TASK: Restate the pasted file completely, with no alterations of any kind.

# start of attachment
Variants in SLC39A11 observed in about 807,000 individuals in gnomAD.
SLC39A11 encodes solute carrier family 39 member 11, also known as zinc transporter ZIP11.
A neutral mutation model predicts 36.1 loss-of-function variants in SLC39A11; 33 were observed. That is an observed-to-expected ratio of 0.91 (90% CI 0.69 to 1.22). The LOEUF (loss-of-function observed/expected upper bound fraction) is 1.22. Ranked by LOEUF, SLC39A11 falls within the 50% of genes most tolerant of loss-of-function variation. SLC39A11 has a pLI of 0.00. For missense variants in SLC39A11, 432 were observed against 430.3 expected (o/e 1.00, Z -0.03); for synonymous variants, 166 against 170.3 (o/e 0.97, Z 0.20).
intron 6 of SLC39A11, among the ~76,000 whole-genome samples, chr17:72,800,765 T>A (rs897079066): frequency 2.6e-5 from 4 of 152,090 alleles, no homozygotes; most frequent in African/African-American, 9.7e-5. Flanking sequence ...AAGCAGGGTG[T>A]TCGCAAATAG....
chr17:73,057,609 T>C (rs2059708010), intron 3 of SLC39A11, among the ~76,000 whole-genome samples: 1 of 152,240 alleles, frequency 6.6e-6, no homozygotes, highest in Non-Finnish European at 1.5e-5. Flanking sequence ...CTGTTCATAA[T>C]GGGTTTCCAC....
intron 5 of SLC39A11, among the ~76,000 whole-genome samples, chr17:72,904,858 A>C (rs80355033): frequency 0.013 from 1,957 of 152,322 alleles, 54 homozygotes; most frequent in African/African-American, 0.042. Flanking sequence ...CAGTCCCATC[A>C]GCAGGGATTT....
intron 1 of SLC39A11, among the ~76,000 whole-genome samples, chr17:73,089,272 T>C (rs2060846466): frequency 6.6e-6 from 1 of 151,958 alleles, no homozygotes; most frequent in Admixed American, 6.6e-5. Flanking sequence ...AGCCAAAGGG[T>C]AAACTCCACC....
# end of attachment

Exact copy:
Variants in SLC39A11 observed in about 807,000 individuals in gnomAD.
SLC39A11 encodes solute carrier family 39 member 11, also known as zinc transporter ZIP11.
A neutral mutation model predicts 36.1 loss-of-function variants in SLC39A11; 33 were observed. That is an observed-to-expected ratio of 0.91 (90% CI 0.69 to 1.22). The LOEUF (loss-of-function observed/expected upper bound fraction) is 1.22. Ranked by LOEUF, SLC39A11 falls within the 50% of genes most tolerant of loss-of-function variation. SLC39A11 has a pLI of 0.00. For missense variants in SLC39A11, 432 were observed against 430.3 expected (o/e 1.00, Z -0.03); for synonymous variants, 166 against 170.3 (o/e 0.97, Z 0.20).
intron 6 of SLC39A11, among the ~76,000 whole-genome samples, chr17:72,800,765 T>A (rs897079066): frequency 2.6e-5 from 4 of 152,090 alleles, no homozygotes; most frequent in African/African-American, 9.7e-5. Flanking sequence ...AAGCAGGGTG[T>A]TCGCAAATAG....
chr17:73,057,609 T>C (rs2059708010), intron 3 of SLC39A11, among the ~76,000 whole-genome samples: 1 of 152,240 alleles, frequency 6.6e-6, no homozygotes, highest in Non-Finnish European at 1.5e-5. Flanking sequence ...CTGTTCATAA[T>C]GGGTTTCCAC....
intron 5 of SLC39A11, among the ~76,000 whole-genome samples, chr17:72,904,858 A>C (rs80355033): frequency 0.013 from 1,957 of 152,322 alleles, 54 homozygotes; most frequent in African/African-American, 0.042. Flanking sequence ...CAGTCCCATC[A>C]GCAGGGATTT....
intron 1 of SLC39A11, among the ~76,000 whole-genome samples, chr17:73,089,272 T>C (rs2060846466): frequency 6.6e-6 from 1 of 151,958 alleles, no homozygotes; most frequent in Admixed American, 6.6e-5. Flanking sequence ...AGCCAAAGGG[T>C]AAACTCCACC....